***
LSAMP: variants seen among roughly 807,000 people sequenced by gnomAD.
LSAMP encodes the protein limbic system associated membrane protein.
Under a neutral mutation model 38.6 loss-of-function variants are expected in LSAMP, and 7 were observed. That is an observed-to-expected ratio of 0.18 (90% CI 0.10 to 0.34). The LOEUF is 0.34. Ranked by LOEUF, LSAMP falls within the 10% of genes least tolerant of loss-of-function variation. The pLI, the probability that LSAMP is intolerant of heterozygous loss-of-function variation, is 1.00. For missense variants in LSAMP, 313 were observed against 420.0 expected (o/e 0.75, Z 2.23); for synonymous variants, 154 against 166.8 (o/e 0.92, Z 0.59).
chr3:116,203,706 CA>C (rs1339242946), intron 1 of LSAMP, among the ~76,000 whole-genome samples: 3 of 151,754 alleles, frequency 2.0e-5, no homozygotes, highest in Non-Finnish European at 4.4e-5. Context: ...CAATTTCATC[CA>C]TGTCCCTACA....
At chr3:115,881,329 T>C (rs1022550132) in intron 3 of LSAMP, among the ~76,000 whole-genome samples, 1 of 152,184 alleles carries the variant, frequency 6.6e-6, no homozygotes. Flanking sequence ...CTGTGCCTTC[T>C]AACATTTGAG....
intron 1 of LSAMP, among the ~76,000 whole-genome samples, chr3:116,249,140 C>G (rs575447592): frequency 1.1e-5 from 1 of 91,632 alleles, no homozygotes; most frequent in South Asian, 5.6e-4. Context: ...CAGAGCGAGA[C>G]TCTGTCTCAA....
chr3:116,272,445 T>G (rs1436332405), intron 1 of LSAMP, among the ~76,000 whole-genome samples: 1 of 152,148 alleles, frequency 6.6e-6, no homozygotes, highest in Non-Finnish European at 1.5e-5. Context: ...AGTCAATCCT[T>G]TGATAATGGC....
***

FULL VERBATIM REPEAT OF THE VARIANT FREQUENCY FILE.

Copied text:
LSAMP: variants seen among roughly 807,000 people sequenced by gnomAD.
LSAMP encodes the protein limbic system associated membrane protein.
Under a neutral mutation model 38.6 loss-of-function variants are expected in LSAMP, and 7 were observed. That is an observed-to-expected ratio of 0.18 (90% CI 0.10 to 0.34). The LOEUF is 0.34. Ranked by LOEUF, LSAMP falls within the 10% of genes least tolerant of loss-of-function variation. The pLI, the probability that LSAMP is intolerant of heterozygous loss-of-function variation, is 1.00. For missense variants in LSAMP, 313 were observed against 420.0 expected (o/e 0.75, Z 2.23); for synonymous variants, 154 against 166.8 (o/e 0.92, Z 0.59).
chr3:116,203,706 CA>C (rs1339242946), intron 1 of LSAMP, among the ~76,000 whole-genome samples: 3 of 151,754 alleles, frequency 2.0e-5, no homozygotes, highest in Non-Finnish European at 4.4e-5. Context: ...CAATTTCATC[CA>C]TGTCCCTACA....
At chr3:115,881,329 T>C (rs1022550132) in intron 3 of LSAMP, among the ~76,000 whole-genome samples, 1 of 152,184 alleles carries the variant, frequency 6.6e-6, no homozygotes. Flanking sequence ...CTGTGCCTTC[T>C]AACATTTGAG....
intron 1 of LSAMP, among the ~76,000 whole-genome samples, chr3:116,249,140 C>G (rs575447592): frequency 1.1e-5 from 1 of 91,632 alleles, no homozygotes; most frequent in South Asian, 5.6e-4. Context: ...CAGAGCGAGA[C>G]TCTGTCTCAA....
chr3:116,272,445 T>G (rs1436332405), intron 1 of LSAMP, among the ~76,000 whole-genome samples: 1 of 152,148 alleles, frequency 6.6e-6, no homozygotes, highest in Non-Finnish European at 1.5e-5. Context: ...AGTCAATCCT[T>G]TGATAATGGC....